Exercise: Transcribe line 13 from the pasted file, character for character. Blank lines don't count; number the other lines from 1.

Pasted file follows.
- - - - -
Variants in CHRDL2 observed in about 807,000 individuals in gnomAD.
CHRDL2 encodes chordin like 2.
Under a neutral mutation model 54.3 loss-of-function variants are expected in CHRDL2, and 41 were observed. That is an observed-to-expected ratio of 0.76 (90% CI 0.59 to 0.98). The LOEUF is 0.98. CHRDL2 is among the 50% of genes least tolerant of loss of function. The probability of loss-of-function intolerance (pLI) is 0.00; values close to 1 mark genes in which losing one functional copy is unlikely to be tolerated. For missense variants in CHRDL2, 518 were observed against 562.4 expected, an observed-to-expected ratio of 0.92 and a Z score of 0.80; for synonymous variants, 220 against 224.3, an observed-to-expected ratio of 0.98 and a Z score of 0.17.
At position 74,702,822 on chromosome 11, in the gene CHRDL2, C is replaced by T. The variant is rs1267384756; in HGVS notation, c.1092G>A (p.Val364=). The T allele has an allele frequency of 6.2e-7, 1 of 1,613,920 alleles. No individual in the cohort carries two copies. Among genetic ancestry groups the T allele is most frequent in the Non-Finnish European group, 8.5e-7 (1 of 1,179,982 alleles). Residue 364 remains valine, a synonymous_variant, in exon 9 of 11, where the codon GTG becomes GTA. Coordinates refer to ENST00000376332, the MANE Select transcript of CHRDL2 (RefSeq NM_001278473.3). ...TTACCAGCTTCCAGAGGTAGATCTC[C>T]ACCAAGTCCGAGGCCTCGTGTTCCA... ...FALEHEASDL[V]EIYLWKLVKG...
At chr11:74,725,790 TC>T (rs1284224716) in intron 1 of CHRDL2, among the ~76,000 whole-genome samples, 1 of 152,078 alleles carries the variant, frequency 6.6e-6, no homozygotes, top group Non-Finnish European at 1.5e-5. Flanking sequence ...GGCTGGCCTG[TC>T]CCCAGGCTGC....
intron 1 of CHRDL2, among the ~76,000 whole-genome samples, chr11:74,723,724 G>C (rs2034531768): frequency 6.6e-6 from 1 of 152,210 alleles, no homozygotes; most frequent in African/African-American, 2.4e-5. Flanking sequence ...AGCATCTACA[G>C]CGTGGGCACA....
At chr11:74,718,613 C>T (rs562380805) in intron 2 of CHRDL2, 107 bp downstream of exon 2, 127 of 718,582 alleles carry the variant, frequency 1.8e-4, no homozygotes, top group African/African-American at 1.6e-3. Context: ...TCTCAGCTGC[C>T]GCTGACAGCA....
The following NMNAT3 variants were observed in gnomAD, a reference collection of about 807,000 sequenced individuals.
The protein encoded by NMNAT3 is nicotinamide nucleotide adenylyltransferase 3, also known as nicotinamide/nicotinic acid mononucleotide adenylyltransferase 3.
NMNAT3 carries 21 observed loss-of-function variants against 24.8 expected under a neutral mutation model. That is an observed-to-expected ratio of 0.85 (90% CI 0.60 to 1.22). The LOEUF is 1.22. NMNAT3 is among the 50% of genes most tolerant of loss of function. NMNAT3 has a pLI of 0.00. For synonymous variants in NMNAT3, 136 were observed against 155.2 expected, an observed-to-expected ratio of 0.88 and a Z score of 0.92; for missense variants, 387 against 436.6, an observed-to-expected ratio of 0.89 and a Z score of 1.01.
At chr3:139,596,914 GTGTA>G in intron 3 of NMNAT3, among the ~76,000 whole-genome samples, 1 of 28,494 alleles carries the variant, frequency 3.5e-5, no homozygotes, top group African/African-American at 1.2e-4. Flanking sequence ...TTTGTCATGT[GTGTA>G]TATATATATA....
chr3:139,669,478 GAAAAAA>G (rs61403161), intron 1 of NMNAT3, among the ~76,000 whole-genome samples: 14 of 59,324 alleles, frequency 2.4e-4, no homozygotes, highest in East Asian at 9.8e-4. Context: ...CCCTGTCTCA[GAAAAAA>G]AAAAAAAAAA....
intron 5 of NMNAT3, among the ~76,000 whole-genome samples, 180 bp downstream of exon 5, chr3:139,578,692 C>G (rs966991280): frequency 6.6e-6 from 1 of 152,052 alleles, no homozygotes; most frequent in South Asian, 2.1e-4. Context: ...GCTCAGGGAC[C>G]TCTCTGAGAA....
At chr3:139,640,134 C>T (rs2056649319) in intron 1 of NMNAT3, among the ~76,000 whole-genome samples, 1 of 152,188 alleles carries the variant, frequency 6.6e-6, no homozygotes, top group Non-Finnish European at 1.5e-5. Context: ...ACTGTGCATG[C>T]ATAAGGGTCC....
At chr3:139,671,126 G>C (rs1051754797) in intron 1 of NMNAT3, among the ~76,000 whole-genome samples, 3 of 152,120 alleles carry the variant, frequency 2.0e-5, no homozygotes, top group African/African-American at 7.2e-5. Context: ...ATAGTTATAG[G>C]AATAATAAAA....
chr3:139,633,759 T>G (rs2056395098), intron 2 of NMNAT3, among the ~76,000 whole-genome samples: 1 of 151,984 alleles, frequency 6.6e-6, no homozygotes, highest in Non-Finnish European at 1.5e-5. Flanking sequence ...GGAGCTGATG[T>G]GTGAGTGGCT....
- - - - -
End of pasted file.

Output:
intron 5 of NMNAT3, among the ~76,000 whole-genome samples, 180 bp downstream of exon 5, chr3:139,578,692 C>G (rs966991280): frequency 6.6e-6 from 1 of 152,052 alleles, no homozygotes; most frequent in South Asian, 2.1e-4. Context: ...GCTCAGGGAC[C>G]TCTCTGAGAA....